And then it all got quiet. The media moved on to other stories.

The government got entangled in other problems and there were a plethora of issues to keep the establishment busy from Pakistan to Naxalism to Afghanistan.

And the apologists for China found something to talk about -- the great Sino-Indian rapprochement!

While India squabbles, Bejing ups the ante

Image: Tiananmen Square, Beijing
Photographs: Claro Cortes IV/Reuters
The fact that China sided with India during the Copenhagen Summit to scuttle the global climate change negotiations was heralded as the new beginning in Sino-Indian ties.

Environment came to the rescue of Chindia brigade and as if on cue, Jairam Ramesh went to China to criticise his own government's China policy for being too aggressive!

Meanwhile, Beijing was carefully pursuing its agenda vis-a-vis the rest of the world, including India.

Recognising a weak Barack Obama administration as an opportunity, it upped the ante and its assertion of its place in global inter-state hierarchy reached its acme.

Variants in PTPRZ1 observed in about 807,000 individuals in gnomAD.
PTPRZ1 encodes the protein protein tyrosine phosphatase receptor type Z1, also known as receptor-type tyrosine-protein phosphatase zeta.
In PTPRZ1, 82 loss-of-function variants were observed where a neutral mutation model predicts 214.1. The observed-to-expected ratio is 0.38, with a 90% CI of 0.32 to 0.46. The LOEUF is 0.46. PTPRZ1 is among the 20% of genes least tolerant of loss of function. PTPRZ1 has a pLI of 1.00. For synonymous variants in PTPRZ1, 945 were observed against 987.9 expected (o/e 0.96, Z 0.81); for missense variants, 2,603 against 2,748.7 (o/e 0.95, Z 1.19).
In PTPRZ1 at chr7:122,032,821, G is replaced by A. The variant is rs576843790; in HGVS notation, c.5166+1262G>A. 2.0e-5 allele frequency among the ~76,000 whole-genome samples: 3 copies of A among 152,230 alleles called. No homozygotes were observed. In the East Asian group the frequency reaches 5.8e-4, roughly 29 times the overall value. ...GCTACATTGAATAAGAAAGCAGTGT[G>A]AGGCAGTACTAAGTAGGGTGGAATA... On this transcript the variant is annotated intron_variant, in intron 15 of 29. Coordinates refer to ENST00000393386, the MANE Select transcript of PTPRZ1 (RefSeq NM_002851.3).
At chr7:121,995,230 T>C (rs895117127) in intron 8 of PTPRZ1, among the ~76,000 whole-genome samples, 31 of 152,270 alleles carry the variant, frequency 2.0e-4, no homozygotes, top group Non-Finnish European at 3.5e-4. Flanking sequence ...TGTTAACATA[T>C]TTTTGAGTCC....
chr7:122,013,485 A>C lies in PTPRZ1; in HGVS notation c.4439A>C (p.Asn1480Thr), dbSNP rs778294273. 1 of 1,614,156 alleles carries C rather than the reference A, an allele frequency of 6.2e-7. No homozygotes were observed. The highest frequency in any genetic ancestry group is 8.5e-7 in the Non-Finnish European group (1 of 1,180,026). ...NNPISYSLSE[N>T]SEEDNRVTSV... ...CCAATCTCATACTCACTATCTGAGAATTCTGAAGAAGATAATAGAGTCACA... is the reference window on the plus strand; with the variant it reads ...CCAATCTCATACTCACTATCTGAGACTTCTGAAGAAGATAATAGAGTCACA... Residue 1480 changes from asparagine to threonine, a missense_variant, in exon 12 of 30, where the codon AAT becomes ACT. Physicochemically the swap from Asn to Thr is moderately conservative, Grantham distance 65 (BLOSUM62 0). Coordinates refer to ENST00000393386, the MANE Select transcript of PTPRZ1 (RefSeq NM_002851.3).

It not only declared its intention of selling new nuclear reactors to Pakistan in clear violation of international guidelines but also challenged the territorial claims of its neighbours in the South China Sea.

China has questioned the status of Kashmir

Image: People's Liberation Army rocket launcher trucks rumble past Tiananmen Square
Photographs: David Gray/Reuters
Indian authorities were informed in July that Beijing would not be able to issue visa to Northern Army Commander Lieutanant General B S Jaswal in line with China's policy of issuing stapled visas to Indian nationals of Jammu and Kashmir.